You could also have a discussion about the difference between right/wrong and wise/foolish. Arguably, some pro-life slogans make a stronger case that abortion is foolish, that it’s not a wise decision because of how it affects some women and society. I think women should consider whether abortion is not a wise decision, but we also want them thinking about how some things can be wrong even if they don’t affect us negatively. For example, the head of a corporation that irreparably harms the environment or kills whales around Antarctica may not feel any guilt from that, and he may not suffer any loss in profit either. Yet it may still be immoral to harm whales or the environment in that way. (That would probably be a more helpful example than a plantation owner who doesn’t feel bad about owning slaves.)

Here’s what I would never do: Say that you don’t believe the person in front of you. “But everybody is affected by abortion!” “You may not feel guilt yet, but you will later.” Statements like that will not be helpful.

The post “What Should You Say to a Woman Who is Happy That She Had an Abortion?” originally appeared at JoshBrahm.comClick here to subscribe via email and get exclusive access to a FREE MP3 of Josh Brahm’s speech, “Nine Faulty Pro-Life Arguments and Tactics.”

Question: What would you say to a woman who is happy that she had an abortion? Post your thoughts below in the comments!

Please note: I reserve the right to delete comments that are snarky, offensive, or off-topic. If in doubt, read My Comments Policy.

I have, for the most part, avoided commenting publicly on Abolish Human Abortion. (From what I hear, fewer and fewer people take them seriously as their anti-Catholic views become more public as well their extreme arguments that the pro-life movement is to blame for abortion being legal.) I feel the need to say something now though, because they just publicly attacked my friends, and they did it with particularly bad reasoning. This blog is about helping pro-life people to become more persuasive and less weird, so let’s attempt to apply some clear thinking to AHA’s attack on Justice For All.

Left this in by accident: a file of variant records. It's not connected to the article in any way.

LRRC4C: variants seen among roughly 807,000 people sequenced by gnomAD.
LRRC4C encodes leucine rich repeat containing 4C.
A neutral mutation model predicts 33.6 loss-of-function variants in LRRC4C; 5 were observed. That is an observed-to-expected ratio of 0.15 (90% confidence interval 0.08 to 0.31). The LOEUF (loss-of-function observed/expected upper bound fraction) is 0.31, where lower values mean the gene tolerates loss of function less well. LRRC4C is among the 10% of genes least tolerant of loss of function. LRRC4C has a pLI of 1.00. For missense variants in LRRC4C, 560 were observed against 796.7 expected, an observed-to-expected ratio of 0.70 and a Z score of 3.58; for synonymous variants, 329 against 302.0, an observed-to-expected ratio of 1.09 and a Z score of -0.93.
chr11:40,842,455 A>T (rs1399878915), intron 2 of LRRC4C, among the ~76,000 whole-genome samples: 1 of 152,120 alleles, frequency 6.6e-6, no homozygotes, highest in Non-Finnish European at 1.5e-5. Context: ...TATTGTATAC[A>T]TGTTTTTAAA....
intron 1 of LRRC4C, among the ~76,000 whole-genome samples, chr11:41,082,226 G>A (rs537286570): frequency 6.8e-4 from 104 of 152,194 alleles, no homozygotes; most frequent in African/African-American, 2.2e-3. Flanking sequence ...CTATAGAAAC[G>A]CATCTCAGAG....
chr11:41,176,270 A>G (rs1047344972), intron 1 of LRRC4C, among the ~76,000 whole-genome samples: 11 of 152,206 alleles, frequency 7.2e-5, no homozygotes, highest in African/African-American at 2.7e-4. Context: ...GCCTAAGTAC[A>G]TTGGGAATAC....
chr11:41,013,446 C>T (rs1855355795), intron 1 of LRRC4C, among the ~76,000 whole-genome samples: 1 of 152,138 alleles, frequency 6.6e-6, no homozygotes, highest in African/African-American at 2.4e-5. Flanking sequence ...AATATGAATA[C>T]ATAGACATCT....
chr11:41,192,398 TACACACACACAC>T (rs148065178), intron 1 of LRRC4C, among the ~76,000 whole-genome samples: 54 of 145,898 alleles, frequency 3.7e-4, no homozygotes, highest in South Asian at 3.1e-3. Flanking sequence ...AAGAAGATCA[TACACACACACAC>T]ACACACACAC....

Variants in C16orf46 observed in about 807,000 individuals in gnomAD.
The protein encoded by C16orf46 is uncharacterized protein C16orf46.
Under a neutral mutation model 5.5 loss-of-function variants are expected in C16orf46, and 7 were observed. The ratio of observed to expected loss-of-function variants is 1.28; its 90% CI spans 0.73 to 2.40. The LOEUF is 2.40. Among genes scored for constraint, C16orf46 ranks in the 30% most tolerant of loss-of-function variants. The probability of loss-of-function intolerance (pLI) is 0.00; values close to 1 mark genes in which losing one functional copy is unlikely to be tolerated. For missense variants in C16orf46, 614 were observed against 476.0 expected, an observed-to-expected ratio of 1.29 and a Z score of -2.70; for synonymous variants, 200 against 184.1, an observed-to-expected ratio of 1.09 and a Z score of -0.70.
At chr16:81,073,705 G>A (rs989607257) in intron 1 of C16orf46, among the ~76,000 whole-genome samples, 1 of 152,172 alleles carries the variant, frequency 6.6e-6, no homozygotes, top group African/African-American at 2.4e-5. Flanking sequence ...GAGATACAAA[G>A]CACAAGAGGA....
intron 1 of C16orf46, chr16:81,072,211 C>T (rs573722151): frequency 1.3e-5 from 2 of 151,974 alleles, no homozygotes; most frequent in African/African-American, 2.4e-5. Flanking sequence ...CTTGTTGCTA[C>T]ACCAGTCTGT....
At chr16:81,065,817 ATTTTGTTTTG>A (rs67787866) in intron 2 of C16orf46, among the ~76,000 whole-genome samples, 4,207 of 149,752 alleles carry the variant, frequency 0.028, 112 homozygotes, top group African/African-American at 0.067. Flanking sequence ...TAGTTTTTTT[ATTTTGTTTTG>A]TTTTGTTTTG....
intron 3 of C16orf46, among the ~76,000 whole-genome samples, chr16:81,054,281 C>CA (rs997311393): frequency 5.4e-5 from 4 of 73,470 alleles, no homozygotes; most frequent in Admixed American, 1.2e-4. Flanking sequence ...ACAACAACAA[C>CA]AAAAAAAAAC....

AHA attacks JFA

Click here to see the Facebook post for yourself.

The link is to a video of AHA-member Danny Ehinger talking to a pro-life student who had gone through a previous JFA training, who expressed some concerns about AHA’s activism methods. The student explains that he’s all for getting people talking about abortion, but he felt like there were better results when JFA came on campus because some good conversations had taken place, whereas on this day the classroom discussions were a lot more heated and tended to end with students screaming and nearly getting kicked out of class.

The student expresses a concern about little kids seeing the signs, and encourages AHA to use more questions on their signs to create dialogue as opposed to just putting statements on their graphic signs.

Danny interrupts him and makes a very shrewd debating move:

So, your main concern, from what I’m hearing, is the other students that are getting angry about it.

The student says, “Yeah…” And Danny says,

And so that’s where we have a little bit of a difference. My main concern is the 3,500 babies who are going to be murdered today.

That is so intellectually dishonest. The student’s main concern that he wanted addressed at the moment was the use of the signs and the effect they had on people as well as their dialogues about abortion in the future. That doesn’t mean the student cares more about that than abortion. If Danny had asked the student, “Are you more concerned about abortion or the students who are offended?” I’m sure the student would have said something like, “I’m more concerned about abortion, obviously, which is why I’m concerned about your methods. I want abortion to end as soon as possible, and this doesn’t seem like the way to make that happen.” Instead, Danny takes the opportunity to act like he’s the only one in the conversation who actually cares about abortion, a moment that will make all the AHA fans cheer when they watch it.

Danny mentions checking out JFA’s website and says:

I’m okay with [JFA's] premise of ‘We want to talk intelligibly to people and nicely to people.’ However, my question is the root why, why are they doing what they’re doing?